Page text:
Still, however, the arms--the beautiful arms--clung around his neck; and still the mournful supplication was repeated.

"Oh, papa, have pity upon me! Look at me! Am I not your daughter? Have mercy upon your daughter, papa!" And still she clung to him; and still those eyes, from which the tears now flowed in torrents, were imploring him, and gazing through his into the very soul within him; then she kissed his lips, and hung upon him as upon her last stay; and the soft but melting accents were again breathed mournfully and imploringly as before. "Oh, have pity upon me, beloved papa--have pity upon your child!"

"What do you mean, Lucy? what are you asking, my dear girl? I am willing to do anything I can to promote your happiness. What is it you want?"

"I fear to tell you, papa; but surely you understand me. Oh, relent! as you hope for heaven's mercy, pity me. I have, for your sake, undertaken too much. I have not strength to fulfil the task I imposed on myself. I will die; you will see me dead at your feet, and then your last one will be gone. You will be alone; and I should wish to live for your sake, papa. Look upon me! I am your only child--your only child--your last, as I said; and do not make your last and only one miserable--miserable--mad! Only have compassion on me, and release me from this engagement."

The baronet's eye brightened at the last two or three allusions, and he looked upon her with a benignity that filled her unhappy heart with hope.

"Oh, speak, papa," she exclaimed, "speak. I see, I feel that you are about to give me comfort--to fill my heart with joy."

"I am, indeed, Lucy. Listen to me, and restrain yourself. You are not my only child!"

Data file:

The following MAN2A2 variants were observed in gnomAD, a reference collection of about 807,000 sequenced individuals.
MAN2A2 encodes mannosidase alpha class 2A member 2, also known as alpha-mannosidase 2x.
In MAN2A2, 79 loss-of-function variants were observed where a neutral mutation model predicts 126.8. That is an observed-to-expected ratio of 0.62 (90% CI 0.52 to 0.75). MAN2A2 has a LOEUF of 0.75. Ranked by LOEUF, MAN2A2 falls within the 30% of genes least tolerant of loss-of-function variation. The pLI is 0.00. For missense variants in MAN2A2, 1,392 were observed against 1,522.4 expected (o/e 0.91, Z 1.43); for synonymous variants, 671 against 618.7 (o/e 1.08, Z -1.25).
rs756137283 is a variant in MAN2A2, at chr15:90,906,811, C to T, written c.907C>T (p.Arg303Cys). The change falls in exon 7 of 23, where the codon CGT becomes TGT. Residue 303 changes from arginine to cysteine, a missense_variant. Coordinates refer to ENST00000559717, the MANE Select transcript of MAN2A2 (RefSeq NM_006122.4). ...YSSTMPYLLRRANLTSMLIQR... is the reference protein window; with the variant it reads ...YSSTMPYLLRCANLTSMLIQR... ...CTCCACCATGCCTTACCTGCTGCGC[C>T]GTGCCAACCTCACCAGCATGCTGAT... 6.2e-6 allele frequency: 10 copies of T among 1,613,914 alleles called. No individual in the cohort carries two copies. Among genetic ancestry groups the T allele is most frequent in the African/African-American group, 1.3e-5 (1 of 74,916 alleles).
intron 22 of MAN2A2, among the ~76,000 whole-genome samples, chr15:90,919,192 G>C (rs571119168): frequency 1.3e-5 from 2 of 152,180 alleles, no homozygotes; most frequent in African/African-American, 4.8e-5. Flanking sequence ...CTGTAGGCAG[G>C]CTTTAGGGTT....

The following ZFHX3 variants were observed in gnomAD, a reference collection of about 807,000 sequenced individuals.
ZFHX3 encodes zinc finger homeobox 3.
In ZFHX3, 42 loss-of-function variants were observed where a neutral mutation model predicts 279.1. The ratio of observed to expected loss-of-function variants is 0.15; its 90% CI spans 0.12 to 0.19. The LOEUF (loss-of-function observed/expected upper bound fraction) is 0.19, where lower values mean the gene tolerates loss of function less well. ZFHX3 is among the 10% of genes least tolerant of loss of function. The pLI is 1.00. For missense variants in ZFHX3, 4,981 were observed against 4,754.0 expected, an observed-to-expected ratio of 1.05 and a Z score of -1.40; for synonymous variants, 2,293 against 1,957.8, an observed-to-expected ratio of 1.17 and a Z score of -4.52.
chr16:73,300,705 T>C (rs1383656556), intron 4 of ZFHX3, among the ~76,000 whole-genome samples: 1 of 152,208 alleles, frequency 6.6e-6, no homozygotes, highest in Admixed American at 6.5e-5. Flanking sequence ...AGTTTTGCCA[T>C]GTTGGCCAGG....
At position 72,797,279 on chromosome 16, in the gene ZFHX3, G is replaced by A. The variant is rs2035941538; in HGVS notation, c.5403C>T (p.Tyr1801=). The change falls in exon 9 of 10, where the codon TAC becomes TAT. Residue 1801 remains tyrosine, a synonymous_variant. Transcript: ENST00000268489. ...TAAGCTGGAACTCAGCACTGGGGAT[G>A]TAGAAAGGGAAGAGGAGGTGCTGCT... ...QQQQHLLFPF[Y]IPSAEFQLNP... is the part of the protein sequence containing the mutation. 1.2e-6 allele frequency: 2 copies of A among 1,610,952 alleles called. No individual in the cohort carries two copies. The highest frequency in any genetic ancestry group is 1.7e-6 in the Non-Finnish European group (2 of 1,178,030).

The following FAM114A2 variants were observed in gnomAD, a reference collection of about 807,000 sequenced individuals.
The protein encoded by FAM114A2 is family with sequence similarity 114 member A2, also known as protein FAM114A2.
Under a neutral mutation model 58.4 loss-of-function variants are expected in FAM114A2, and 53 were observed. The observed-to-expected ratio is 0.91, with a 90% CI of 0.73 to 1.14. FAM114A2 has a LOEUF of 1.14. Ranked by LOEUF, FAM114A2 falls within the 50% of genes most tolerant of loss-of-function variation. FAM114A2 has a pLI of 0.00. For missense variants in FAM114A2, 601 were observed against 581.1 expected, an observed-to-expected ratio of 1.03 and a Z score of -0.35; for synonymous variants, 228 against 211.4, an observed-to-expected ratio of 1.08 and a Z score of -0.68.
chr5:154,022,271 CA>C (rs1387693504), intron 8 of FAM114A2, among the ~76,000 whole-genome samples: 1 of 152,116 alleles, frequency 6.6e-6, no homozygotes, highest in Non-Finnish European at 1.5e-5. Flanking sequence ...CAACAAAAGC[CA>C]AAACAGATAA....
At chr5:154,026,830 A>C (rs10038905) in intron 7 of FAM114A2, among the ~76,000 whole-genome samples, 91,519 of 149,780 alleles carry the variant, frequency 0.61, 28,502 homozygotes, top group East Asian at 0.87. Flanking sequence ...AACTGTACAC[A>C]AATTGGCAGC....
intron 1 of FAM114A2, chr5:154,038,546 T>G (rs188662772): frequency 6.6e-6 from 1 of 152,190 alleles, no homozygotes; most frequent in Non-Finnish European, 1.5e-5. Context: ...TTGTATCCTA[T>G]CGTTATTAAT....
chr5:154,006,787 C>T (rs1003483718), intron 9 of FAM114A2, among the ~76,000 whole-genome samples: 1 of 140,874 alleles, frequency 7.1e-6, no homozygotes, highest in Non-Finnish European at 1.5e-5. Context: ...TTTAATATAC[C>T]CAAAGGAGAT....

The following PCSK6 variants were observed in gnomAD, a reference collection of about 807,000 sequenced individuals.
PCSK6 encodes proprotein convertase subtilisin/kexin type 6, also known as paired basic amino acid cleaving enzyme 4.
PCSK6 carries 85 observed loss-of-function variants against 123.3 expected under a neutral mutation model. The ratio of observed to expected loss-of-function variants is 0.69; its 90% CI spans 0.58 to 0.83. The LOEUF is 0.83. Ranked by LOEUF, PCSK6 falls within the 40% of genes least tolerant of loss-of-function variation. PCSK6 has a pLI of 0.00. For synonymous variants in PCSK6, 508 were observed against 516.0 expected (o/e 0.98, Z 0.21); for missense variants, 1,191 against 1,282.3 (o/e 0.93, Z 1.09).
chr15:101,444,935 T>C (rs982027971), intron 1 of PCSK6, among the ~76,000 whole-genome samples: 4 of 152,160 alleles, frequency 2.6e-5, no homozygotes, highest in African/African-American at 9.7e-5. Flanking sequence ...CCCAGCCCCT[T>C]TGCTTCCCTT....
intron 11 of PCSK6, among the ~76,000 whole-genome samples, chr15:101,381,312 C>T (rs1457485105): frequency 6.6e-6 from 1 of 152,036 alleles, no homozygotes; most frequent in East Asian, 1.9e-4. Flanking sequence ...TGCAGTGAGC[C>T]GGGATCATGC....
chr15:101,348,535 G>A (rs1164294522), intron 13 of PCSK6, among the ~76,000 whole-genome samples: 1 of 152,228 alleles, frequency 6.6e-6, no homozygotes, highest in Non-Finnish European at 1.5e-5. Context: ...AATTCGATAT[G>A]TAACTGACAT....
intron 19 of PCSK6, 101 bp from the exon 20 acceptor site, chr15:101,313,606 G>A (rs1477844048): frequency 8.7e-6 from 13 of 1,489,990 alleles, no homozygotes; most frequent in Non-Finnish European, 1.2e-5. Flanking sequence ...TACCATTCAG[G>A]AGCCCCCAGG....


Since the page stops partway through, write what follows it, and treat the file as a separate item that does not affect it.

"What!" she exclaimed. "What do you mean, papa? What is it?"

"Have strength and courage, Lucy; and, mark me, no noise nor rout about what I am going to say. Your brother is found--my son Thomas is found--and you will soon see him; he will be here presently. Get rid of this foolish dream you've had, and prepare to receive him!"

"My brother!" she exclaimed, "my brother! and have I a brother? Then God has not deserted me; I shall now have a friend. My brother!--my brother! But is it possible, or am I dreaming still? Oh, where is he, papa? Bring me to him!--is he in the house? Or where is he? Let the carriage be ordered, and we will both go to him. Alas, what may not the poor boy have suffered! What privations, what necessities, what distress and destitution may he not have suffered! But that matters little; come to him. In want, in rags, in misery, he is welcome--yes, welcome; and, oh, how much more if he has suffered."

"Have patience, child; he will be here by and by. You cannot long to see him more than I do. But, Lucy, listen to me; for the present we must keep his discovery and restoration to us a profound secret."

"A profound secret! and why so, papa? Why should we keep it secret? Is it not a circumstance which we should publish to the world with delight and gratitude? Surely you will not bring him into this house like a criminal, in secrecy and silence? Should the lawful heir of your name and property be suffered to enter otherwise than as becomes him? Oh, that I could see him! Will he soon be here?"